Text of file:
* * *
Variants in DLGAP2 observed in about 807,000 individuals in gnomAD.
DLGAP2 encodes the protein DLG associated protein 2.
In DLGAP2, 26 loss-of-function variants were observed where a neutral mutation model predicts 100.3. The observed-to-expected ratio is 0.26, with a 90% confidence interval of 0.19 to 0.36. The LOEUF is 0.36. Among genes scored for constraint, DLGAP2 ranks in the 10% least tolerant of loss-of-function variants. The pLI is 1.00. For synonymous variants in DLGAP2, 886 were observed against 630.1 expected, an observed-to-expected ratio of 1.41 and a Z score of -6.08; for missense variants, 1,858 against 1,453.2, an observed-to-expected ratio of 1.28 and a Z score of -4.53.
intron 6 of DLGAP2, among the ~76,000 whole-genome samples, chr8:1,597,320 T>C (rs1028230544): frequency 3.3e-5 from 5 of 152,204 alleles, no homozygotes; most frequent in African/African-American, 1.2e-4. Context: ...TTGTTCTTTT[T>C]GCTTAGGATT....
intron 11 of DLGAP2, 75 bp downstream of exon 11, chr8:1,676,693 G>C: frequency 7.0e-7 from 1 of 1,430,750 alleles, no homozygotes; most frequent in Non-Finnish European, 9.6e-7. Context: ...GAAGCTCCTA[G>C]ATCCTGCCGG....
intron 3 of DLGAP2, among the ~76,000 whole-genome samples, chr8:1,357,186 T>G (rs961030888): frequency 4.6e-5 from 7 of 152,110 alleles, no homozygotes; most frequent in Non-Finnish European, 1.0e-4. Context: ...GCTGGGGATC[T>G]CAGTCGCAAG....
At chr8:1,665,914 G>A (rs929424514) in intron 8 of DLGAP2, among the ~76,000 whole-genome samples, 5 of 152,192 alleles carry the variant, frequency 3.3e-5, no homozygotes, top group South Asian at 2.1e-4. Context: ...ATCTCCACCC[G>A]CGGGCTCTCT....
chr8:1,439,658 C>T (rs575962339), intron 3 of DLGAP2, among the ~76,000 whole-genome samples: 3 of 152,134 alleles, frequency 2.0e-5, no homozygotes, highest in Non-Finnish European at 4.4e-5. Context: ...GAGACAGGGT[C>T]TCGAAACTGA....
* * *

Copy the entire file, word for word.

Variants in DLGAP2 observed in about 807,000 individuals in gnomAD.
DLGAP2 encodes the protein DLG associated protein 2.
In DLGAP2, 26 loss-of-function variants were observed where a neutral mutation model predicts 100.3. The observed-to-expected ratio is 0.26, with a 90% confidence interval of 0.19 to 0.36. The LOEUF is 0.36. Among genes scored for constraint, DLGAP2 ranks in the 10% least tolerant of loss-of-function variants. The pLI is 1.00. For synonymous variants in DLGAP2, 886 were observed against 630.1 expected, an observed-to-expected ratio of 1.41 and a Z score of -6.08; for missense variants, 1,858 against 1,453.2, an observed-to-expected ratio of 1.28 and a Z score of -4.53.
intron 6 of DLGAP2, among the ~76,000 whole-genome samples, chr8:1,597,320 T>C (rs1028230544): frequency 3.3e-5 from 5 of 152,204 alleles, no homozygotes; most frequent in African/African-American, 1.2e-4. Context: ...TTGTTCTTTT[T>C]GCTTAGGATT....
intron 11 of DLGAP2, 75 bp downstream of exon 11, chr8:1,676,693 G>C: frequency 7.0e-7 from 1 of 1,430,750 alleles, no homozygotes; most frequent in Non-Finnish European, 9.6e-7. Context: ...GAAGCTCCTA[G>C]ATCCTGCCGG....
intron 3 of DLGAP2, among the ~76,000 whole-genome samples, chr8:1,357,186 T>G (rs961030888): frequency 4.6e-5 from 7 of 152,110 alleles, no homozygotes; most frequent in Non-Finnish European, 1.0e-4. Context: ...GCTGGGGATC[T>G]CAGTCGCAAG....
At chr8:1,665,914 G>A (rs929424514) in intron 8 of DLGAP2, among the ~76,000 whole-genome samples, 5 of 152,192 alleles carry the variant, frequency 3.3e-5, no homozygotes, top group South Asian at 2.1e-4. Context: ...ATCTCCACCC[G>A]CGGGCTCTCT....
chr8:1,439,658 C>T (rs575962339), intron 3 of DLGAP2, among the ~76,000 whole-genome samples: 3 of 152,134 alleles, frequency 2.0e-5, no homozygotes, highest in Non-Finnish European at 4.4e-5. Context: ...GAGACAGGGT[C>T]TCGAAACTGA....